MQ-9A. Marine Corps personnel conducted their first operational flight of an MR-9A Reaper Unmanned Aircraft System (UAS) in the Middle East on March 20, the Navy said April 16. Marine Unmanned Aerial Vehicle Squadron 1 (VMU-1) took control of a General Atomics Aeronautical Systems, Inc. (GA-ASI) company owned/operated aircraft supporting forward deployed Marines with oversight from the company team. VMU-1 is leasing the Reaper “to fulfill its urgent needs request for persistent Intelligence, Surveillance, and Reconnaissance (ISR) in Afghanistan,” the Navy said in a statement. The Navy underscored VMU-1 will be “the test bed and incubator to provide crucial information, lessons learned, requirements, tactics, techniques, and procedures that will aid in the USMC efforts for the successful acquisition and fielding of the Marine Air-Ground Task Force (MAGTF) Unmanned Aircraft System (UAS) Expeditionary (MUX) Group 5 capability.”
Cyber Deal. Perspecta Labs has received a five-year deal worth up to $14.5 million to develop a suite of machine learning capabilities for defensive cyber operations. The Army’s C5ISR, Space and Terrestrial Communications Directorate has tasked Perspecta with delivering new cyber tools “that are autonomous, secure, easy to deploy and configure, adaptive and resilient to adversarial deception.” Perspecta’s defensive cyber capabilities are intended for “rapidly deploying and retraining containerized cyber sensors that detect both known and unknown vulnerabilities, attacks and malware.”
Face Masks. The Army’s 82nd Airborne Division has teamed up with North Carolina State University on a partnership to produce more than 100,000 face masks to assist with pandemic response efforts. North Carolina State’s Nonwovens Institute has developed a unique filtration material that it will provide to the 82nd Airborne Division that will be used to help manufacture face masks that can protect military medical workers and soldiers participating in the fight against coronavirus. “The material is effective in filtering out viruses and bacteria and can still be cut and sewn using traditional techniques,” the Army wrote in a statement.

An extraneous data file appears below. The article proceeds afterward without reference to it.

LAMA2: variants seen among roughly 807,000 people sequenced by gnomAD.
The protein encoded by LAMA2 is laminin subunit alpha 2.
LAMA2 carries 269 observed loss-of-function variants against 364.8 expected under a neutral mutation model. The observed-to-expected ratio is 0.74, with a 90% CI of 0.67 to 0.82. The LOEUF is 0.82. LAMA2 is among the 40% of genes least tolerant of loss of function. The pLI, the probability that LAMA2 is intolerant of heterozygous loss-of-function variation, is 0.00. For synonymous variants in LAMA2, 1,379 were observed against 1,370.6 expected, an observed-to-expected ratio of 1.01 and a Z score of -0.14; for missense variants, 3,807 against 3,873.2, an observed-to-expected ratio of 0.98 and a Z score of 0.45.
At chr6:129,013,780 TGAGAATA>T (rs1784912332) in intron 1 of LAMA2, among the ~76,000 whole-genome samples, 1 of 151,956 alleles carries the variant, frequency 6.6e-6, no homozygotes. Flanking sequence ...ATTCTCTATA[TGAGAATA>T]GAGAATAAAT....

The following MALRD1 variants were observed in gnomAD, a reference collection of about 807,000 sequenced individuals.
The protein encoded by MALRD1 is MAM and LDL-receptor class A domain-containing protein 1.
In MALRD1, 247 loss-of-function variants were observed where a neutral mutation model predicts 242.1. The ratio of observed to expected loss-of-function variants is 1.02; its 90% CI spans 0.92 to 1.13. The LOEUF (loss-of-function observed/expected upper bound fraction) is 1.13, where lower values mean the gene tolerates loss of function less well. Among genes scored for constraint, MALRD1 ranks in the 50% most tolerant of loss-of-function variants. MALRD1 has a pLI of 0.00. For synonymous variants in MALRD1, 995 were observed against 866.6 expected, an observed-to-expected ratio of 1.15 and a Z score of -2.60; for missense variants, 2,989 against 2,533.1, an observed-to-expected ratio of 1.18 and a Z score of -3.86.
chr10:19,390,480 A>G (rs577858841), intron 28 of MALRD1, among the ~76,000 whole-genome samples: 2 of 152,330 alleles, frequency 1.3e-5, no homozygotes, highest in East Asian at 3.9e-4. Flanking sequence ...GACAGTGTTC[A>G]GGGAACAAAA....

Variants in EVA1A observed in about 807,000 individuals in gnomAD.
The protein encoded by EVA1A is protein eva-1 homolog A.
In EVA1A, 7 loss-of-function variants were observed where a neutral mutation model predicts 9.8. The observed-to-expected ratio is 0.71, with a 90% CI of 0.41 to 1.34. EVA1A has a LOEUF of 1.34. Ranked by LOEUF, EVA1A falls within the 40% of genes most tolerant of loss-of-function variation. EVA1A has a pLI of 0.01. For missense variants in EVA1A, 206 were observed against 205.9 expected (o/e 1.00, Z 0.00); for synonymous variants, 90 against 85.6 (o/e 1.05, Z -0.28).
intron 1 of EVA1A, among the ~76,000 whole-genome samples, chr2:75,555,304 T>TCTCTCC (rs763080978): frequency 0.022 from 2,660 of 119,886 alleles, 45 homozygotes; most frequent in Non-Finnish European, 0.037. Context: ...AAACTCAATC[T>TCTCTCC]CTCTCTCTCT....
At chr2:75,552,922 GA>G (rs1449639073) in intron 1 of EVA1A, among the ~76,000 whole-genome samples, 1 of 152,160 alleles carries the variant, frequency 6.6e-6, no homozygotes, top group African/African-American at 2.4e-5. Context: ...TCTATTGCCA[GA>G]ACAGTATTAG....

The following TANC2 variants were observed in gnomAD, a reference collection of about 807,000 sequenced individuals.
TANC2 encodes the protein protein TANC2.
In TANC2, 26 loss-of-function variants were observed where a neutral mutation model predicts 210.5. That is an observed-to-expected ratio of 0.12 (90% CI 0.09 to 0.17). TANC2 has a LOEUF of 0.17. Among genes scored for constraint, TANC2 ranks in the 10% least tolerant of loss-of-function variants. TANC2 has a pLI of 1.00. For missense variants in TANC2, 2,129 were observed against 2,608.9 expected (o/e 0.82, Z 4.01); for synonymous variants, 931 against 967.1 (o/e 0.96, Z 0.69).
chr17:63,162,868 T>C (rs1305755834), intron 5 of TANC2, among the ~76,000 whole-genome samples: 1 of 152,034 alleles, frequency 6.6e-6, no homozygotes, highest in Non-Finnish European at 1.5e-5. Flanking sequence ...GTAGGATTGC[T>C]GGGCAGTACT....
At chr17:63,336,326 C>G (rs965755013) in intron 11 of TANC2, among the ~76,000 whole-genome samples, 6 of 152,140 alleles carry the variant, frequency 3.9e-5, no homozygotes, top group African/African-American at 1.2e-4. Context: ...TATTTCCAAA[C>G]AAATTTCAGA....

UAE FMS. The State Department has approved a $150 million deal with the United Arab Emirates to provide spare parts for the country’s fleet of AH-64 Apache, UH-60 Black Hawk and CH-47 Chinook aircraft. The foreign military sale was placed under the Cooperative Logistics Supply Support Agreement (CLSSA) with the UAE. “This sale is consistent with U.S. initiatives to provide key partners in the region with modern systems that will enhance interoperability with U.S. forces and increase security,” Defense Security Cooperation Agency officials wrote in a statement.
Blackjack. DARPA has awarded Lockheed Martin a $5.8 million contract for the first phase of satellite integration on the Blackjack program, the company announced Friday. Blackjack is meant to demonstrated the viability of a global high-speed network in LEO, with development, test and launch expected to occur over the next two years. Lockheed will define and manage interfaces between Blackjack’s bus, payload and the autonomous, space-based command-and-control center known as Pit Boss. The contract also includes testbed validation of internal and external vehicle interfaces. Work will primarily be performed in Lockheed’s facility in Sunnyvale, California. “Lockheed Martin has built and integrated a variety of payload types and sizes for every type of mission and we bring all of that experience to the Blackjack program,” said Sarah Reeves, company vice president of missile defense programs. “This is an exciting new approach to plug-n-play design for LEO and we are up for the challenge.”
Global ASNT. The Air Force on Friday awarded Raytheon a $117.5 million contract modification one global aircrew strategic network terminal (Global ASNT) for nuclear command and control. The modification brings the total cumulative value of the contract from $542. 6 million to $660.2 million. Work will be performed in Largo, Florida, and is expected to be completed by June 24, 2022. Fiscal 2020 other procurement funds in the amount of $117.5 million are being obligated at time of award. The Global ASNT will use EHF and Advanced EHF waveforms to supply protected communications to nuclear bomber, missile, and support aircraft crews in non-permissive environments.